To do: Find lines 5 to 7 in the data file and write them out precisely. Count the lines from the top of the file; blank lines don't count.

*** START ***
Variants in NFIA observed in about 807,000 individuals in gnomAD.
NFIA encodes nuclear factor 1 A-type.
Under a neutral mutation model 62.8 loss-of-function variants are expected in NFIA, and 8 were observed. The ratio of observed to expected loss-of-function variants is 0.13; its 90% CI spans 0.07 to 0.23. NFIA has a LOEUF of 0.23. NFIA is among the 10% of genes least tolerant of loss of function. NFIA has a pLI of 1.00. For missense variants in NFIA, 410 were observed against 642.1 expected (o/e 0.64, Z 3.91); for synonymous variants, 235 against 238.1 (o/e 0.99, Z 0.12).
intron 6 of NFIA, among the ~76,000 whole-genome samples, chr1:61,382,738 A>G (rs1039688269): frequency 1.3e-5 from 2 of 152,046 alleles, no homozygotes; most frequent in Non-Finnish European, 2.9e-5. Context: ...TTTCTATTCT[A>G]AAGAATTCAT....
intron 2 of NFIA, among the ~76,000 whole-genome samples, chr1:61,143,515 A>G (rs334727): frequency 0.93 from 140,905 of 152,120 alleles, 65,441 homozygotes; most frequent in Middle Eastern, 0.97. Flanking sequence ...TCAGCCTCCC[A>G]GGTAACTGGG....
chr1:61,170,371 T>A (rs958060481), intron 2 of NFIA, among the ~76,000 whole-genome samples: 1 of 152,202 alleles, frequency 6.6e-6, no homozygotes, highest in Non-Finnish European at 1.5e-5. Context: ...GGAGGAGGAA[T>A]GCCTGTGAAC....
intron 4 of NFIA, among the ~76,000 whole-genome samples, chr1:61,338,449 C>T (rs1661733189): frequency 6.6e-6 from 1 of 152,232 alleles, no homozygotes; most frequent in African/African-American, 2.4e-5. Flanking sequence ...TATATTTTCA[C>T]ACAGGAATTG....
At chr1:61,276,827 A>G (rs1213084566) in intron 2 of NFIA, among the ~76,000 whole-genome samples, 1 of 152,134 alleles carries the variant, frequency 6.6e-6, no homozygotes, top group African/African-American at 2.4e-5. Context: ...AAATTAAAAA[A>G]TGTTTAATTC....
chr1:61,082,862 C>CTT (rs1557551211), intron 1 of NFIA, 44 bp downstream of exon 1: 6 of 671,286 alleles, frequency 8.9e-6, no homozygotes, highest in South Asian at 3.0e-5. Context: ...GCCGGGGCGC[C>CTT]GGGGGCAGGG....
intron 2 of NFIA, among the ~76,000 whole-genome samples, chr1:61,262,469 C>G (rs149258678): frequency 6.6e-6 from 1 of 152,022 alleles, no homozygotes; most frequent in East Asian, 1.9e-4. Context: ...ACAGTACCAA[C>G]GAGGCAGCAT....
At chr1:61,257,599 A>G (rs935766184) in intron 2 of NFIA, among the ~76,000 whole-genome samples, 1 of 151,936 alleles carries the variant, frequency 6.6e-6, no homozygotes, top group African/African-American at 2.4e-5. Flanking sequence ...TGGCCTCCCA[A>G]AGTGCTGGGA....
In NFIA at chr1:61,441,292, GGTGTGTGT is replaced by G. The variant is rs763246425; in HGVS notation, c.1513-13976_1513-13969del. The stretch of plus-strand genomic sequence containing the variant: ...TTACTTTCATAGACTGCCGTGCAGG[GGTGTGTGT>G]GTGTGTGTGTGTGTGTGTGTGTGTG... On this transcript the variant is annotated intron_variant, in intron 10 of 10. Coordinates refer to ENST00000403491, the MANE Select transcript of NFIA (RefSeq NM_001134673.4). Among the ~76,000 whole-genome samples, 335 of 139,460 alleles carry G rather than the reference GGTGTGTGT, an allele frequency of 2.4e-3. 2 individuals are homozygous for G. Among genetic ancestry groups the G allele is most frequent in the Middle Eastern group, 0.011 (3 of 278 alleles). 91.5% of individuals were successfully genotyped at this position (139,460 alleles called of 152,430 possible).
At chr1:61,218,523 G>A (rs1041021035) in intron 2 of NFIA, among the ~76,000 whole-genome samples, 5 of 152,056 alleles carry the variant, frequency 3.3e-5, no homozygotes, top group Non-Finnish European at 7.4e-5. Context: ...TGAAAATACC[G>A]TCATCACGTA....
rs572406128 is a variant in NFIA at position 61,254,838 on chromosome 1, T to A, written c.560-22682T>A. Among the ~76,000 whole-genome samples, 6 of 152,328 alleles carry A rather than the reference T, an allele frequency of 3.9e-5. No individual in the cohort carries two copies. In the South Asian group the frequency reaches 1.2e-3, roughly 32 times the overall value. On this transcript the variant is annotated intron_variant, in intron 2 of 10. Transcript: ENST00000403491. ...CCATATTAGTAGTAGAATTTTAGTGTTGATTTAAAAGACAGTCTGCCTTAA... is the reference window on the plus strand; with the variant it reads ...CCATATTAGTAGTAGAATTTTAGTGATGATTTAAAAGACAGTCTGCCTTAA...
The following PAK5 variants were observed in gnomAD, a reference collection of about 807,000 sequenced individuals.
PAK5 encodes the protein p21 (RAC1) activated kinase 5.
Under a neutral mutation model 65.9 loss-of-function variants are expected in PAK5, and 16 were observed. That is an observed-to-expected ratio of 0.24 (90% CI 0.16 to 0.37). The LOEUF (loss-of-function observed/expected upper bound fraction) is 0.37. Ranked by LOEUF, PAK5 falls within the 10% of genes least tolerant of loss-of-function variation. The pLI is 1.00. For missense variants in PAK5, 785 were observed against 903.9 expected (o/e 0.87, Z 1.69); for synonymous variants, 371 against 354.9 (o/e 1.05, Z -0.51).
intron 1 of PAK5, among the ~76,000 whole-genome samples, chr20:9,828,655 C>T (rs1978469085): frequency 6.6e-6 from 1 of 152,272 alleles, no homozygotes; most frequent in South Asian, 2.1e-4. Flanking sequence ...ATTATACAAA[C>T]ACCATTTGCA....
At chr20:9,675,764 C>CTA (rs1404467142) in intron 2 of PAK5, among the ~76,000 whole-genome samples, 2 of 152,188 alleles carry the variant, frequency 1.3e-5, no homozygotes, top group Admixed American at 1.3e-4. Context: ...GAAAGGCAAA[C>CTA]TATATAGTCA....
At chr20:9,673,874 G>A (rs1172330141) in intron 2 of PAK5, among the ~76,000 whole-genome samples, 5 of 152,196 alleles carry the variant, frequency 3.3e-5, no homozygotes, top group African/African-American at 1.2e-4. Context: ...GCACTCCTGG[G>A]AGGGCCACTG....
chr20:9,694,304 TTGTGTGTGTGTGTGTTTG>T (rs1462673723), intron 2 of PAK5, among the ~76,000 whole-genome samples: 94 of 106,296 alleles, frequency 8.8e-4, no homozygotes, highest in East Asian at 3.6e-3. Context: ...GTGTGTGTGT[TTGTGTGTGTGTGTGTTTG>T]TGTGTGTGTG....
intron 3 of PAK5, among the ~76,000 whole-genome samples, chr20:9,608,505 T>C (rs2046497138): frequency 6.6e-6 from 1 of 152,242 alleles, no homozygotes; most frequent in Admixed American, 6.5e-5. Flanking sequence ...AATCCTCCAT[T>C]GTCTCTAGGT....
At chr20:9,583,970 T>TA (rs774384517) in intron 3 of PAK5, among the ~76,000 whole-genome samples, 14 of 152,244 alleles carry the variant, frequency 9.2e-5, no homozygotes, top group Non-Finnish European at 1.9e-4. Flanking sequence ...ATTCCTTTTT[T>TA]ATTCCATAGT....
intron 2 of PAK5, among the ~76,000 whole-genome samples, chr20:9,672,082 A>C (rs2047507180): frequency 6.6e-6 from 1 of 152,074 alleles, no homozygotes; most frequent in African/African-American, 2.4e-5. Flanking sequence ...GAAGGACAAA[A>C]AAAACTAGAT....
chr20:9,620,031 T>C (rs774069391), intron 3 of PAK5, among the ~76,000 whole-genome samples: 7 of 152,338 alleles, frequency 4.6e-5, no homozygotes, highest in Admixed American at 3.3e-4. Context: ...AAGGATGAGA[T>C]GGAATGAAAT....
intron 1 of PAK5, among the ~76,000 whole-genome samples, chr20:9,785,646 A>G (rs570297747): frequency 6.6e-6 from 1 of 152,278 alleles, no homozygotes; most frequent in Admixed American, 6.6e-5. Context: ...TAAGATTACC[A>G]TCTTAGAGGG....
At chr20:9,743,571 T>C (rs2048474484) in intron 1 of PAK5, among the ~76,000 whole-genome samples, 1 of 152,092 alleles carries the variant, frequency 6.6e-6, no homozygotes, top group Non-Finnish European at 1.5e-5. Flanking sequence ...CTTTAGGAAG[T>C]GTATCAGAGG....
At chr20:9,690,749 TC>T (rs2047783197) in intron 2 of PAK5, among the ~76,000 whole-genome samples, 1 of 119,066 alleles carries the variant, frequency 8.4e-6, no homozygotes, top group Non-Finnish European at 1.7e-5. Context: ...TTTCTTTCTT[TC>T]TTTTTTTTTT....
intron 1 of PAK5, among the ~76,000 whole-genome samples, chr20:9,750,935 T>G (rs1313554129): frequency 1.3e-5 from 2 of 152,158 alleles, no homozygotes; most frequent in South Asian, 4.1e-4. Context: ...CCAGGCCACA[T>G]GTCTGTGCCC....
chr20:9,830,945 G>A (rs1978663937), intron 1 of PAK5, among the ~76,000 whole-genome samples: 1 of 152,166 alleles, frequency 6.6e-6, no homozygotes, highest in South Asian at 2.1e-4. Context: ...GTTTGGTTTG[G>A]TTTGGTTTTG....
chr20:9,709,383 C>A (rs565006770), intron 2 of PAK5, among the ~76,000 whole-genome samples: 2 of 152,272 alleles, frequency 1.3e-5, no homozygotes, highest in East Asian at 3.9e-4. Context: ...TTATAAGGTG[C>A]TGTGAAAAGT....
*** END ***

intron 2 of NFIA, among the ~76,000 whole-genome samples, chr1:61,143,515 A>G (rs334727): frequency 0.93 from 140,905 of 152,120 alleles, 65,441 homozygotes; most frequent in Middle Eastern, 0.97. Flanking sequence ...TCAGCCTCCC[A>G]GGTAACTGGG....
chr1:61,170,371 T>A (rs958060481), intron 2 of NFIA, among the ~76,000 whole-genome samples: 1 of 152,202 alleles, frequency 6.6e-6, no homozygotes, highest in Non-Finnish European at 1.5e-5. Context: ...GGAGGAGGAA[T>A]GCCTGTGAAC....
intron 4 of NFIA, among the ~76,000 whole-genome samples, chr1:61,338,449 C>T (rs1661733189): frequency 6.6e-6 from 1 of 152,232 alleles, no homozygotes; most frequent in African/African-American, 2.4e-5. Flanking sequence ...TATATTTTCA[C>T]ACAGGAATTG....